It’s not a matter of motivation to write. It’s a matter of compulsion.
I have to do it.
Whether it’s new words or a reworking of them, I have to write something every day. If I don’t, I’m sure my skull will explode.
At the risk of sounding completely mad, I have to get those voices out of my head. Whether it’s a character insisting I tell his or her story, a plot idea or a momentary flash of brilliance, (lol) I have to get it on paper or onscreen. This exercise ensures two things - that I have a physical record of that voice, thought or idea, and naturally to make way for new ones.
I haven’t always felt this way. My school days were times of voracious reading. There was a thought in the back of my mind that I might write a book ‘someday’ but I preferred the creations of others. Then real life affected the many other worlds in which I’d surrounded myself. To cope with the trials and tribulations of the dreaded teenage years I kept diaries and I wrote poetry. To read them now is laughable and I wonder what the hell was I thinking, but at the time, they were a source of great comfort. I can flick open any page of those notebooks (now yellowing, torn, and in some cases, hanging on by a single staple) and instantly know who I was crushing on, who had broken my heart and my opinion of life in general.
Time passed, life took another unexpected turn (as it is so inclined) and I found myself yet again turning to words as a source of comfort, a way of healing. And the words were there for me. I poured my heartache and disappointment into stories not caring what I wrote, only knowing that doing so made me feel better. Then that flurry of words began to mean something. I found inspiration everywhere I looked. I discovered I liked creating characters. Sometimes they sprang from my thoughts, and other times I’d see someone smile or look a certain way and I wanted to know why they were so happy. What was behind that enigmatic expression? Their dialogue would flow from random snippets I heard in the world around me or I’d fashion my own and once I found the magic, I realised that I didn’t want to stop. There’s a certain kind of power in creating your own worlds and giving characters life (even if some of those characters are more stubborn than I am). To place them in dire situations and making that all important decision of whether you would lead them to safety again is just as thrilling.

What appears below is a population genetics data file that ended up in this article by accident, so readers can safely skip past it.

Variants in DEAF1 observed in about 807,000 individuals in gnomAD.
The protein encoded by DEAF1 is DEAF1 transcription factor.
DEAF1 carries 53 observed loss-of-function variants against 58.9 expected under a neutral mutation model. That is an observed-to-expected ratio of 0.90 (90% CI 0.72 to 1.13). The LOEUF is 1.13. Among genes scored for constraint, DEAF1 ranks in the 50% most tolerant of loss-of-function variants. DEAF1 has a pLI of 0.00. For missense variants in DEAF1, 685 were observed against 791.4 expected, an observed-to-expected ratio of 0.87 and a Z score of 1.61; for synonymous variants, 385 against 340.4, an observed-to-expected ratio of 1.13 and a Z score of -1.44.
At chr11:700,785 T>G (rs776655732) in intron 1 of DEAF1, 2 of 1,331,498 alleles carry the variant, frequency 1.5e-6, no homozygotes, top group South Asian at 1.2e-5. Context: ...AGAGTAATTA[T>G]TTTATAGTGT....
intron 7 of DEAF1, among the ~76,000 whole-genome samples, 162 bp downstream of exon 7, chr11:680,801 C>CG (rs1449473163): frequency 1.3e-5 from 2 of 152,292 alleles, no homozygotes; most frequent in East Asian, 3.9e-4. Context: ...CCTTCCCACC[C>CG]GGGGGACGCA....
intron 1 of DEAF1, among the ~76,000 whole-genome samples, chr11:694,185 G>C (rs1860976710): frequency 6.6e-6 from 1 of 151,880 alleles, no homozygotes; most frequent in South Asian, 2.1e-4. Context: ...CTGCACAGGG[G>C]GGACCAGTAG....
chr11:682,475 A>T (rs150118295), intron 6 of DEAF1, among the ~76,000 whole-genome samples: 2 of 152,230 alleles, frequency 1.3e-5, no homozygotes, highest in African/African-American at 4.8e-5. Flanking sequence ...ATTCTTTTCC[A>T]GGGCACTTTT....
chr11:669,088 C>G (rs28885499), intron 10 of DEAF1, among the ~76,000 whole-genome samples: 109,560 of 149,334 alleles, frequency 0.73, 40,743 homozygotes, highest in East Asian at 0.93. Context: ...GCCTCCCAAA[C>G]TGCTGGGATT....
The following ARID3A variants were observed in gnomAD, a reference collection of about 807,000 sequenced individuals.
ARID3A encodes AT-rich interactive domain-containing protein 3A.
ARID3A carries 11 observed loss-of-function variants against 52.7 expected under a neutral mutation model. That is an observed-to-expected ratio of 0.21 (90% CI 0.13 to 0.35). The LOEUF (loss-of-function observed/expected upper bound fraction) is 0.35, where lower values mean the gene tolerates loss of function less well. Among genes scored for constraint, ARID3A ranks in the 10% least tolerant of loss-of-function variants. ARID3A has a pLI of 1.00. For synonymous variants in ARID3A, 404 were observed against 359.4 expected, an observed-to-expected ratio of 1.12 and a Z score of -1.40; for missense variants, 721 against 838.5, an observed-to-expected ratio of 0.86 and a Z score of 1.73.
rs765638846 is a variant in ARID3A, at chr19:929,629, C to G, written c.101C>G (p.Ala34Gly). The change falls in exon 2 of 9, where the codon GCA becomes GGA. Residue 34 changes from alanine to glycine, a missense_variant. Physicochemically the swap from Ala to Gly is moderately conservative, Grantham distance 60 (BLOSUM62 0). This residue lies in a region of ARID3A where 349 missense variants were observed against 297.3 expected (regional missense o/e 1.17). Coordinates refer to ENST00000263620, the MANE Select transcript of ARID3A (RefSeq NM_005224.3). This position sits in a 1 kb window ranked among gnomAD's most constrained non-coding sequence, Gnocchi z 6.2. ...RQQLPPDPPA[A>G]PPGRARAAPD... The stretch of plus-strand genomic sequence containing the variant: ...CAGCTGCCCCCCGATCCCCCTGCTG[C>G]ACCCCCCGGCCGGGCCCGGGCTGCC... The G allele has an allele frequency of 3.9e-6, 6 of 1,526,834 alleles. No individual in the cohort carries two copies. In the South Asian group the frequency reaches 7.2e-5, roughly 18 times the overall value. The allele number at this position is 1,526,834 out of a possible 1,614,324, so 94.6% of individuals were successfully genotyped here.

And I am not alone in feeling this way. Ask anyone who writes and they will have similar tales to tell. Whatever their motivation and whenever they began writing, they are following that same compulsion. They have to write. They know exactly what I mean about the voices in their heads, of characters demanding their stories be told. They are the ones who understand when you matter-of-factly speak of murder, mischief and mayhem in a way that astounds those who don’t have this compulsion. (Dare I call it an addiction?)
So I write because I don’t know how to stop and frankly, I don’t want to. My words have given me comfort, fulfilled dreams and built worlds that keep me (somewhat) sane and I’m happy here.